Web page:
In the 2nd District, which includes metro Knoxville and surrounding portions of East Tennessee, Knox County Mayor Tim Burchett won the Republican primary with 48 percent of the vote, defeating State Rep. Jimmy Matlock from Lenior City at 36 percent.
The seat opened when U.S. Rep. Jimmy Duncan retired. Burchett will be a prohibitive favorite in the heavily Republican district.
In the open race for Black’s 6th District seat, the Republican winner was John Rose from Cookeville, a former state agriculture commissioner, who took 41 percent to defeat Bob Corlew, a retired judge from Mount Juliet, with 31 percent.
In November, Rose will face Dawn Barlow, a physician from Livingston who carried 55 percent in the Democratic primary.
In the open race for Blackburn’s 7th District seat, which includes Nashville’s southern suburbs and west-central Tennessee, Democrats picked Justin Canew from College Grove, a digital media producer and two-time contestant on The Amazing Race. He will now face State Senator Mark Green from Ashland City, who was the only Republican to file.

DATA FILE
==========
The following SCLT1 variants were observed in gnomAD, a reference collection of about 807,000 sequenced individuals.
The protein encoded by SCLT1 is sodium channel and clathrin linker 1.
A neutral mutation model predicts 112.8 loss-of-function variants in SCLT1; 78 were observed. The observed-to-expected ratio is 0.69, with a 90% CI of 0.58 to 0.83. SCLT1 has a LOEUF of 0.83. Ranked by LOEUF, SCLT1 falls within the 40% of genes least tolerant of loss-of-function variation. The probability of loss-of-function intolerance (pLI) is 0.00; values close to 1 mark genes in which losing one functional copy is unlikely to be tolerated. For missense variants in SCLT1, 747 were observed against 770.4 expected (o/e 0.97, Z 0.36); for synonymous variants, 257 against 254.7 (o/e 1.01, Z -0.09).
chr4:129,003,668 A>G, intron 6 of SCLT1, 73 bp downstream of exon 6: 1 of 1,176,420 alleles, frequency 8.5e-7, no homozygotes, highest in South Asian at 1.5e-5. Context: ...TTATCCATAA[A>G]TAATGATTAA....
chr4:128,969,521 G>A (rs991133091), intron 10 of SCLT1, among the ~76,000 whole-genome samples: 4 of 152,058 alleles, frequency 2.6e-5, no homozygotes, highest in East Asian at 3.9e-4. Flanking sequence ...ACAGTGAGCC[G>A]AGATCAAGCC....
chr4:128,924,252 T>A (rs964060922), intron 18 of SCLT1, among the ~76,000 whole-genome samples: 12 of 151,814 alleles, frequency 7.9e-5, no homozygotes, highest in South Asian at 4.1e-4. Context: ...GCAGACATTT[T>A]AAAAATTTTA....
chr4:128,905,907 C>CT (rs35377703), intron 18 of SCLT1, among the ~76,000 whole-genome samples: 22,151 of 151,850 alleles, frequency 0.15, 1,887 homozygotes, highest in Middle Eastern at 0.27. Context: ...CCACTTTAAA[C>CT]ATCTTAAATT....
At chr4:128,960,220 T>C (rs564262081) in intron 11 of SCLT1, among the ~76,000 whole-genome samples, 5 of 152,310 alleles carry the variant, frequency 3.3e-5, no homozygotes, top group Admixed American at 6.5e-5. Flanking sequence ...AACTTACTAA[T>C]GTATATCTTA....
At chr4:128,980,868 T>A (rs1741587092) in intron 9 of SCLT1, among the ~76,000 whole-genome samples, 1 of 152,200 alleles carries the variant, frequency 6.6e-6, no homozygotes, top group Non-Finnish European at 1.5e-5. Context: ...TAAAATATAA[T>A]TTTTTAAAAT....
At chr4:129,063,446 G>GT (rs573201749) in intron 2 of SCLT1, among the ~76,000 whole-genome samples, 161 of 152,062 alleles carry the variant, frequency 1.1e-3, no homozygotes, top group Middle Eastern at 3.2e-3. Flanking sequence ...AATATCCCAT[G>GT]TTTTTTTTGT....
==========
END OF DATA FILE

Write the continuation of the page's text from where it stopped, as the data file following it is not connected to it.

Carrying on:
In 2017, Trump nominated Green, a physician and West Point graduate, to be Secretary of the Army, but Green withdrew the nomination amid controversy of some of his previous public statements, including an assertion in 2016 that most psychiatrists believe being transgendered is a “disease.” (The American Psychiatric Association does not classify gender non-conformity as a mental illness).